Top tips to be a vegetarian backpacker
Food is an integral part of travel. And for backpackers, trying out as local food as you can is a part of their life. However good or bad it looks, if it is a local cuisine, you’ve got to try it – be it traditional tacos in Mexico, steaming-hot street food in Southeast Asia, or a bowl of fresh spaghetti or pizza in Italy.
But well, what if you don’t eat meat or fish or anything that kinda moves?! Though vegan food and vegetarianism are becoming popular across the world, many places are still hardcore meat-eaters – even the concept of vegetarianism is met with look of disbelief. It isn’t easy for vegetarians to stay healthy and well-fed on the road, particularly if you’re on a shoestring budget, as all backpackers are usually. Often, veggie-friendly restaurants have skyrocketing prices, because well, vegetarians don’t have a choice.
In India, where I grew up, I was never considered vegetarian enough – since I did’d mind eggs in my cakes! Over three decades of being vegetarian, I have learned the hard way that there is no universal definition of what a vegetarian is. And when you are travelling, finding local cuisine which is vegetarian can be daunting. In fact, ordering vegetarian food is not just a matter of asking for it. It first starts with, “Do you have anything vegetarian?” which has to instantly be followed with an arsenal of inquiries, from “Can you make that without fish sauce?” to “Are the beans cooked in lard or oil?” Despite all this jugglery, I have learned how to avoid creating an awkward situation, sample some local cuisine and, most importantly, not go hungry.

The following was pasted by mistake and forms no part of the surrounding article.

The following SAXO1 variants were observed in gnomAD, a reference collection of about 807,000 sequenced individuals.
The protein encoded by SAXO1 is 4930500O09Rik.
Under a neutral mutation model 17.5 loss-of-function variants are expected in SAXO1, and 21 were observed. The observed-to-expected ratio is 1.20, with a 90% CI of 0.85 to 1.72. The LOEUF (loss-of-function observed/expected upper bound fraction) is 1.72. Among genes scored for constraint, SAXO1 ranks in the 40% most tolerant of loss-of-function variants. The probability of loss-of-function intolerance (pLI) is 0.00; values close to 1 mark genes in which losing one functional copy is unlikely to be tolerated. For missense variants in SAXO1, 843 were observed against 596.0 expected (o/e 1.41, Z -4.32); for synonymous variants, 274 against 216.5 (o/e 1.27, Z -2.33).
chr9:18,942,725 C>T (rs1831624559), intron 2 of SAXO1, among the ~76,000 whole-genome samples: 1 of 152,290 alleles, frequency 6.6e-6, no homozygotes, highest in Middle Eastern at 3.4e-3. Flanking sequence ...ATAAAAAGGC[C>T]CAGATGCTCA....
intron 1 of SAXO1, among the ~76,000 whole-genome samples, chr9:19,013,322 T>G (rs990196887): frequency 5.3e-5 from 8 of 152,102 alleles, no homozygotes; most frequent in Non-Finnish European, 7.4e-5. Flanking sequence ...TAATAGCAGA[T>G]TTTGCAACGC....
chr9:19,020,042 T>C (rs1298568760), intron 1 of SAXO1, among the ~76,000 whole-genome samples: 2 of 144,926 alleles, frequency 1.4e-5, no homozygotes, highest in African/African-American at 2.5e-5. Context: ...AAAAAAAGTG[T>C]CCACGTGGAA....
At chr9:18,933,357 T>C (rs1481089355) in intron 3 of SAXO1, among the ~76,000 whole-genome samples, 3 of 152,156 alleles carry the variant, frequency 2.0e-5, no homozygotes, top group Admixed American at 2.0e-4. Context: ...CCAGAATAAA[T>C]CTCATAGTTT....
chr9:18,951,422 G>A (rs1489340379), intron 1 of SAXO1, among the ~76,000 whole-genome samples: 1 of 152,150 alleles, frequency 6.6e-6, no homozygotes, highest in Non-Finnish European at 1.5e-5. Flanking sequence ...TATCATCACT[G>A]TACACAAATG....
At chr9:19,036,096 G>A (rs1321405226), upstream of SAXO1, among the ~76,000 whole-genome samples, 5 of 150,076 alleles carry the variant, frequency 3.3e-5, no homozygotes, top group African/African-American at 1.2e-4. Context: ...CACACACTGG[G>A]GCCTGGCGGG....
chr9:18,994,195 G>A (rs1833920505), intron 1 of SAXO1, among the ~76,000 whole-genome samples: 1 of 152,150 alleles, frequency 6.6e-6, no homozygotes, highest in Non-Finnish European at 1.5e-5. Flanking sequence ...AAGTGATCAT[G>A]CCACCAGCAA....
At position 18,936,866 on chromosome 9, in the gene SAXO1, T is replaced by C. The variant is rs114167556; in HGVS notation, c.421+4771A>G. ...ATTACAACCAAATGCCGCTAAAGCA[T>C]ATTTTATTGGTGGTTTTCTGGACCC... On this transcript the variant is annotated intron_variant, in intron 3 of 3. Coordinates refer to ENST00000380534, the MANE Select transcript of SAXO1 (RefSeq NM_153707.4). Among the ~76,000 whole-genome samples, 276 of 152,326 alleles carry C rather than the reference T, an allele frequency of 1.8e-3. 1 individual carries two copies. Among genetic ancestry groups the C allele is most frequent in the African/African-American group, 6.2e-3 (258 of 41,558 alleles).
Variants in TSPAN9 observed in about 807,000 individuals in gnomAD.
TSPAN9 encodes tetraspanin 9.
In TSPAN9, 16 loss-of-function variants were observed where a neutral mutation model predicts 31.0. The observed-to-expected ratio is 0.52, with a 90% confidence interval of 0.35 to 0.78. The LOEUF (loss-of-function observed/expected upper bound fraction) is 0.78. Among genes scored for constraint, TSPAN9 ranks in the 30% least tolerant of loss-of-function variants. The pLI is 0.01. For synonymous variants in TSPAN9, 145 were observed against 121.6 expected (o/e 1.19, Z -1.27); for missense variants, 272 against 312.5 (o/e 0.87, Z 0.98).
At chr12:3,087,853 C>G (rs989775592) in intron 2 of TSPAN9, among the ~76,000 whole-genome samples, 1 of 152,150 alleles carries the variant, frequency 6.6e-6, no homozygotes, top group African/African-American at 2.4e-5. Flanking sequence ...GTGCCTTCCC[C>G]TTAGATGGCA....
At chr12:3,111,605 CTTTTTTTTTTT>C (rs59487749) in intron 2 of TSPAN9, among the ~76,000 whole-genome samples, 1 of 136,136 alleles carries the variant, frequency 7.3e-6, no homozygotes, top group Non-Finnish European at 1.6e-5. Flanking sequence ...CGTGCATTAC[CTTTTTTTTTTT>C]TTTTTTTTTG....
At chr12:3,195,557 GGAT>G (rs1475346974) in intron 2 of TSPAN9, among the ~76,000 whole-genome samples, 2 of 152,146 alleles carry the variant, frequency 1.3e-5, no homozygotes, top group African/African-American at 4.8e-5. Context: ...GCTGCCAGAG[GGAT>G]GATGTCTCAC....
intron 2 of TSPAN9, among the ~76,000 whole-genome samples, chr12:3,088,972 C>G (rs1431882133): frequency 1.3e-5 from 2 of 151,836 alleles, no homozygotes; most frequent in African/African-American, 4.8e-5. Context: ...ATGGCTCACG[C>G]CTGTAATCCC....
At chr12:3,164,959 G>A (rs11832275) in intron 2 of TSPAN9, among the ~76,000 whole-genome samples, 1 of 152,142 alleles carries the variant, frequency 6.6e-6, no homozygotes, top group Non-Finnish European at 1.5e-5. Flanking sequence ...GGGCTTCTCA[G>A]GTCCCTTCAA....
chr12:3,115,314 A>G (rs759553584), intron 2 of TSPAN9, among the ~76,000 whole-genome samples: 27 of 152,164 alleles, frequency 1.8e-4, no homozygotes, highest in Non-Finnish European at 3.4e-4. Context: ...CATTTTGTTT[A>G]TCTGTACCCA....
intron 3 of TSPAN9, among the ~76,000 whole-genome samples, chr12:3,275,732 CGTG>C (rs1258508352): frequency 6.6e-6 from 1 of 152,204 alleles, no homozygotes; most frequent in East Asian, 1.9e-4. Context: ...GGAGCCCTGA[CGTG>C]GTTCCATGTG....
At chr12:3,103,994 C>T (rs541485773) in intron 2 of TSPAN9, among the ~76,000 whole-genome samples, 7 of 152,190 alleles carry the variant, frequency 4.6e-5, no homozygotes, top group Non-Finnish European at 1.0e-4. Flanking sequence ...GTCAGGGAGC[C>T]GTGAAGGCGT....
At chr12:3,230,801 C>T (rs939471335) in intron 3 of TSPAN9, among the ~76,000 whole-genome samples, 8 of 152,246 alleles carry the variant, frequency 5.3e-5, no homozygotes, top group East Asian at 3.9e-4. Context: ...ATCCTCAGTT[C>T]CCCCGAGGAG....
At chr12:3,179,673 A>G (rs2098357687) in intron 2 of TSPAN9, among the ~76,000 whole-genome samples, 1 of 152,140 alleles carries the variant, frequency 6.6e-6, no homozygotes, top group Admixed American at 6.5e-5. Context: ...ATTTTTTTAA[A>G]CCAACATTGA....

Here is how I do this – for any other vegetarian and vegan travellers out there!
Learn to cook
If your temporary home, hostel or Couchsurfing host has a kitchen, then the simplest and least expensive option is to just cook! No matter where you go, you will always find ingredients in markets to cook a wide range of vegetarian dishes. Travellers all over the world know how to cook basic food, however bad it may be; but something to survive and save money at the very least. As a vegetarian traveller, knowing to cook is a must.
Know that the translation of “vegetarian” is not so useful
“Je suis vegetarian” or “Soy vegetarian” etc. has been useless phrases for me both for avoiding meat. Vegetarian can mean anything – just vegetables, or plain food that happens to have no meat and no vegetables either (i.e. zero nutritional or taste value), or people insisting that poultry and fish are as a part of vegetarianism. There is not sure way to get your point across, but using the word vegetarian may result in your meal being just lettuce leaves (assuming vegetarians as grass eaters), or someone trying to ‘help you’ by packing thin slices of meat into your food. The only way, use as many related words in a barrage, explain till you are absolutely sure, and smell you food (without making it obvious)!
Essential apps for globetrotting vegetarians
– One of the best known apps for vegetarians is ‘Happy Cow’. This app is very useful because it recommends the best vegetarian and vegan places around you, and also regular restaurants where you can find vegetarian options. (https://www.happycow.net/)
– ‘Foursquare’ has an exhaustive list of options with reviews and pictures from real customers. It also now gives the feedback of other vegans and vegetarians only after a place is flagged as such. This ensures you can eat something (maybe options too) at a restaurant, if at least one vegetarian has enjoyed it. (https://foursquare.com/download)
– There are several apps that allow you to view a restaurant’s menu, however they are country specific. You will have to find the local app for that (eg. Zomato for Lisbon) (https://www.zomato.com/)
– Google Translate is amazing to decode menus. It is incredible how misleading dishes names and ingredients can be. Check the recipe or the ingredients of the dish before digging in – could be a liver or a brain that you are tucking in there!